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$3.5 million plant opening in Paragould; 67 new jobs coming


    An expansion of a railcar plant in Paragould will bring dozens of new jobs to the town.  The Arkansas Economic Development Commission joined Governor Asa Hutchinson and local officials for the $3.5 million dollar announcement.  67 new jobs with an average salary of $45,000 were announced at the site of the American Railcar Industries-Corbitt site on Jones Road.  Mike Preston is Executive Director of the Arkansas Economic Development Commission. 

“There is a spec building in Paragould that will be used by ARI and this will shift some jobs from Missouri to Paragould,” stated Preston.

He says the announcement is not just good for northeast Arkansas, but for the state as well.

“This shows the momentum that we have in the state right now.  We have 3.8 percent unemployment in the state, we led the country last quarter in GDP growth and that is good news,” said Preston.  He also praised the workforce that are available to step into those jobs. 

American Railcar Industries employs about one-thousand people between Paragould and Marmaduke.  

Here is a complete press release from the Arkansas Economic Development Commission:

Corbitt Manufacturing, a component manufacturing operation within American Railcar Industries, Inc. (ARI), today announced the company is starting up a new manufacturing facility in Paragould, Arkansas. Governor Asa Hutchinson joined local and company leaders at the announcement today in Paragould. As part of this new location, the company plans to invest approximately $3.5 million and create up to 60 new jobs. Production at the new facility is anticipated to start in August 2016.

Jeff Hollister, president and CEO of ARI, commented, “The proximity of the new facility to our railcar manufacturing plants and the work ethic of people in Northeast Arkansas were two of the factors in choosing to start up a new facility in Paragould. We are excited with the possibilities the Corbitt operations will likely bring to the city of Paragould as we expand our strong workforce and continue to support the success of our business. The capital invested in this new facility will help us to meet current and anticipated demand for key components that go on the railcars that ARI produces, at both our Paragould and Marmaduke, Arkansas railcar assembly plants.  I would also like to thank the City of Paragould, the Chamber and the Arkansas Economic Development Commission for their continued help and support through the years.”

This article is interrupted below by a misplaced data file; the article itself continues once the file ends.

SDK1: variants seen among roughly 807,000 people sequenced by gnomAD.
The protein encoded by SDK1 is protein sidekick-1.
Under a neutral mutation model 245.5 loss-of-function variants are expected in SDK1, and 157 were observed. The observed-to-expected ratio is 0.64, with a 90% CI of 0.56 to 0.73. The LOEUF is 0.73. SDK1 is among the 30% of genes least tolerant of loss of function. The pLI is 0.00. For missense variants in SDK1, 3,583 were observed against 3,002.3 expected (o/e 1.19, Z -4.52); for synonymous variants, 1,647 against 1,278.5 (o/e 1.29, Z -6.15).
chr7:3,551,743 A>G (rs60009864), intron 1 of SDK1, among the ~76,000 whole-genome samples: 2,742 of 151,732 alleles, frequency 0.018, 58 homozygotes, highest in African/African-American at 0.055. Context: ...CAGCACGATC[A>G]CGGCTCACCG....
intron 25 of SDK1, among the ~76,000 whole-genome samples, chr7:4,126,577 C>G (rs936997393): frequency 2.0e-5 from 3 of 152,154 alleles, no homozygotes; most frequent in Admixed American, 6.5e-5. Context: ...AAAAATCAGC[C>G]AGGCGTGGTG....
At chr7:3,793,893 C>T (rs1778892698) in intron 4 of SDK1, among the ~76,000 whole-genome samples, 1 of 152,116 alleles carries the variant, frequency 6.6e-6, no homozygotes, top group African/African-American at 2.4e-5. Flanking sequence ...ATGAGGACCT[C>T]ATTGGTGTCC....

“We are pleased to welcome ARI’s Corbitt manufacturing operations to Arkansas,” said Governor Hutchinson. “Corbitt is a key part of the company, ARI, who has a long history in Arkansas and has undergone several expansions over the years that have resulted in high-paying jobs in Northeast Arkansas. I have no doubt that Northeast Arkansas’ talented workforce will allow Corbitt and ARI to continue to grow and thrive here for many years.”

ARI’s history in Paragould dates to 1995 when the company opened a freight railcar assembly factory in the town, the first major railcar assembly plant in ARI’s manufacturing network. ARI opened a second assembly plant in Marmaduke in 1999.  Currently, there are approximately 1,000 employees in the two Arkansas facilities.

“It is always a benefit to our city for new jobs to be created,” said Paragould Mayor Mike Gaskill. “We are certainly excited about ARI’s Corbitt manufacturing operations locating here in Paragould.  Their relationship with one of our top employers, ARI, is a bonus to our community.  Our goal is to continue to recruit job opportunities to ensure the success of our citizens.”

Johnathan Reaves is the News Director for KASU Public Radio. As part of an Air Force Family, he moved to Arkansas from Minot, North Dakota in 1986. He was first bitten by the radio bug after he graduated from Gosnell High School in 1992. While working on his undergraduate degree, he worked at KOSE, a small 1,000 watt AM commercial station in Osceola, Arkansas. Upon graduation from Arkansas State University in 1996 with a degree in Radio-Television Broadcast News, he decided that he wanted to stay in radio news. He moved to Stuttgart, Arkansas and worked for East Arkansas Broadcasters as news director and was there for 16 years.